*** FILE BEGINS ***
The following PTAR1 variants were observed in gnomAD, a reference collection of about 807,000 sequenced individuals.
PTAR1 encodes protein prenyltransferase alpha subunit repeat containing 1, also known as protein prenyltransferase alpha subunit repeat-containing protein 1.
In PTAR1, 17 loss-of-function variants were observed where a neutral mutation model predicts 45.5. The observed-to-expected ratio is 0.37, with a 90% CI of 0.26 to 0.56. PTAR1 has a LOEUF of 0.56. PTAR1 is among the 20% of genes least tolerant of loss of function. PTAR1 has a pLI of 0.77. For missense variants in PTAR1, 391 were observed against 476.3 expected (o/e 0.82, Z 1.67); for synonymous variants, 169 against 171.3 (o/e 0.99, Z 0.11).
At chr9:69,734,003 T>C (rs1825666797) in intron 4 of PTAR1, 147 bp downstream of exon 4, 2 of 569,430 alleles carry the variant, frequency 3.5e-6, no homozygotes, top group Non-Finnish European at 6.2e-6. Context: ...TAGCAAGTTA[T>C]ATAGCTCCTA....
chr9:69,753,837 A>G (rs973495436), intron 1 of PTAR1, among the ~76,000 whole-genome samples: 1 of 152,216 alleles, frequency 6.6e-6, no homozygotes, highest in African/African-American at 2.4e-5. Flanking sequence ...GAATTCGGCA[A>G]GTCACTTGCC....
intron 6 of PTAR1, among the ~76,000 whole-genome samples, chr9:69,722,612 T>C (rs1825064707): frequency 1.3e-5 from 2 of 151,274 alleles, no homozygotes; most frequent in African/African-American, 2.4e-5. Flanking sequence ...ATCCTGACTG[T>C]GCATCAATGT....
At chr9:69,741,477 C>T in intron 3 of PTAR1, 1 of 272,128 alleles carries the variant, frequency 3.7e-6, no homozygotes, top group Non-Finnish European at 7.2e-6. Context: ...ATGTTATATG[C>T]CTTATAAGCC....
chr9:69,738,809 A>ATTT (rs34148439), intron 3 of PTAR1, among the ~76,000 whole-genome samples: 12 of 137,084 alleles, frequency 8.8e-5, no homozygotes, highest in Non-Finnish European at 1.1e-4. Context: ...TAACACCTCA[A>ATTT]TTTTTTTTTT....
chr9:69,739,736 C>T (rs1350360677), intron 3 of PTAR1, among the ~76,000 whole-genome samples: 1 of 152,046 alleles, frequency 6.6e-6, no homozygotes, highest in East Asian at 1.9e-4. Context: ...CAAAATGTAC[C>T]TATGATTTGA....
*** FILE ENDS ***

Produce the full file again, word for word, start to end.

The following PTAR1 variants were observed in gnomAD, a reference collection of about 807,000 sequenced individuals.
PTAR1 encodes protein prenyltransferase alpha subunit repeat containing 1, also known as protein prenyltransferase alpha subunit repeat-containing protein 1.
In PTAR1, 17 loss-of-function variants were observed where a neutral mutation model predicts 45.5. The observed-to-expected ratio is 0.37, with a 90% CI of 0.26 to 0.56. PTAR1 has a LOEUF of 0.56. PTAR1 is among the 20% of genes least tolerant of loss of function. PTAR1 has a pLI of 0.77. For missense variants in PTAR1, 391 were observed against 476.3 expected (o/e 0.82, Z 1.67); for synonymous variants, 169 against 171.3 (o/e 0.99, Z 0.11).
At chr9:69,734,003 T>C (rs1825666797) in intron 4 of PTAR1, 147 bp downstream of exon 4, 2 of 569,430 alleles carry the variant, frequency 3.5e-6, no homozygotes, top group Non-Finnish European at 6.2e-6. Context: ...TAGCAAGTTA[T>C]ATAGCTCCTA....
chr9:69,753,837 A>G (rs973495436), intron 1 of PTAR1, among the ~76,000 whole-genome samples: 1 of 152,216 alleles, frequency 6.6e-6, no homozygotes, highest in African/African-American at 2.4e-5. Flanking sequence ...GAATTCGGCA[A>G]GTCACTTGCC....
intron 6 of PTAR1, among the ~76,000 whole-genome samples, chr9:69,722,612 T>C (rs1825064707): frequency 1.3e-5 from 2 of 151,274 alleles, no homozygotes; most frequent in African/African-American, 2.4e-5. Flanking sequence ...ATCCTGACTG[T>C]GCATCAATGT....
At chr9:69,741,477 C>T in intron 3 of PTAR1, 1 of 272,128 alleles carries the variant, frequency 3.7e-6, no homozygotes, top group Non-Finnish European at 7.2e-6. Context: ...ATGTTATATG[C>T]CTTATAAGCC....
chr9:69,738,809 A>ATTT (rs34148439), intron 3 of PTAR1, among the ~76,000 whole-genome samples: 12 of 137,084 alleles, frequency 8.8e-5, no homozygotes, highest in Non-Finnish European at 1.1e-4. Context: ...TAACACCTCA[A>ATTT]TTTTTTTTTT....
chr9:69,739,736 C>T (rs1350360677), intron 3 of PTAR1, among the ~76,000 whole-genome samples: 1 of 152,046 alleles, frequency 6.6e-6, no homozygotes, highest in East Asian at 1.9e-4. Context: ...CAAAATGTAC[C>T]TATGATTTGA....